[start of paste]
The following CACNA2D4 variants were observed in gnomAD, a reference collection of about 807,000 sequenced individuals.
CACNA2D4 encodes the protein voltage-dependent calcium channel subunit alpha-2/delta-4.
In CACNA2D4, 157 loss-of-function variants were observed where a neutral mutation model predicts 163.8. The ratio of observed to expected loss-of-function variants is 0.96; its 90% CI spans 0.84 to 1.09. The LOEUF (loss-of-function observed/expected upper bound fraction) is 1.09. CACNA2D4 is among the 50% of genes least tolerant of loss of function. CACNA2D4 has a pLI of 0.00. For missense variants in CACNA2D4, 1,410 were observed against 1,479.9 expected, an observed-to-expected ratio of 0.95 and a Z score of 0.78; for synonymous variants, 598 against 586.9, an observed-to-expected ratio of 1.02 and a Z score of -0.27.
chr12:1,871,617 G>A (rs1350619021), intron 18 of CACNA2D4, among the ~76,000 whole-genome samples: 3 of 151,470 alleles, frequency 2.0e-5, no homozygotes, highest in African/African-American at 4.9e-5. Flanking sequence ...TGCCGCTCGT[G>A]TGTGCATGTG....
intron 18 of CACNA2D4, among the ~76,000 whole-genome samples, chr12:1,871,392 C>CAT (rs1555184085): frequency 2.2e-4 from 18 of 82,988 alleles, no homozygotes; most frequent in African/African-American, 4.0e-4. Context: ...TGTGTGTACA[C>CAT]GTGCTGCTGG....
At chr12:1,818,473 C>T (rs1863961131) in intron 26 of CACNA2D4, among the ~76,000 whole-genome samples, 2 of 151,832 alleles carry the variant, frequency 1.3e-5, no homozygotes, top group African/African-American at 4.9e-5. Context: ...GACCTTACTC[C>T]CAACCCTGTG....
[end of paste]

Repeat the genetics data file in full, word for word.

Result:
The following CACNA2D4 variants were observed in gnomAD, a reference collection of about 807,000 sequenced individuals.
CACNA2D4 encodes the protein voltage-dependent calcium channel subunit alpha-2/delta-4.
In CACNA2D4, 157 loss-of-function variants were observed where a neutral mutation model predicts 163.8. The ratio of observed to expected loss-of-function variants is 0.96; its 90% CI spans 0.84 to 1.09. The LOEUF (loss-of-function observed/expected upper bound fraction) is 1.09. CACNA2D4 is among the 50% of genes least tolerant of loss of function. CACNA2D4 has a pLI of 0.00. For missense variants in CACNA2D4, 1,410 were observed against 1,479.9 expected, an observed-to-expected ratio of 0.95 and a Z score of 0.78; for synonymous variants, 598 against 586.9, an observed-to-expected ratio of 1.02 and a Z score of -0.27.
chr12:1,871,617 G>A (rs1350619021), intron 18 of CACNA2D4, among the ~76,000 whole-genome samples: 3 of 151,470 alleles, frequency 2.0e-5, no homozygotes, highest in African/African-American at 4.9e-5. Flanking sequence ...TGCCGCTCGT[G>A]TGTGCATGTG....
intron 18 of CACNA2D4, among the ~76,000 whole-genome samples, chr12:1,871,392 C>CAT (rs1555184085): frequency 2.2e-4 from 18 of 82,988 alleles, no homozygotes; most frequent in African/African-American, 4.0e-4. Context: ...TGTGTGTACA[C>CAT]GTGCTGCTGG....
At chr12:1,818,473 C>T (rs1863961131) in intron 26 of CACNA2D4, among the ~76,000 whole-genome samples, 2 of 151,832 alleles carry the variant, frequency 1.3e-5, no homozygotes, top group African/African-American at 4.9e-5. Context: ...GACCTTACTC[C>T]CAACCCTGTG....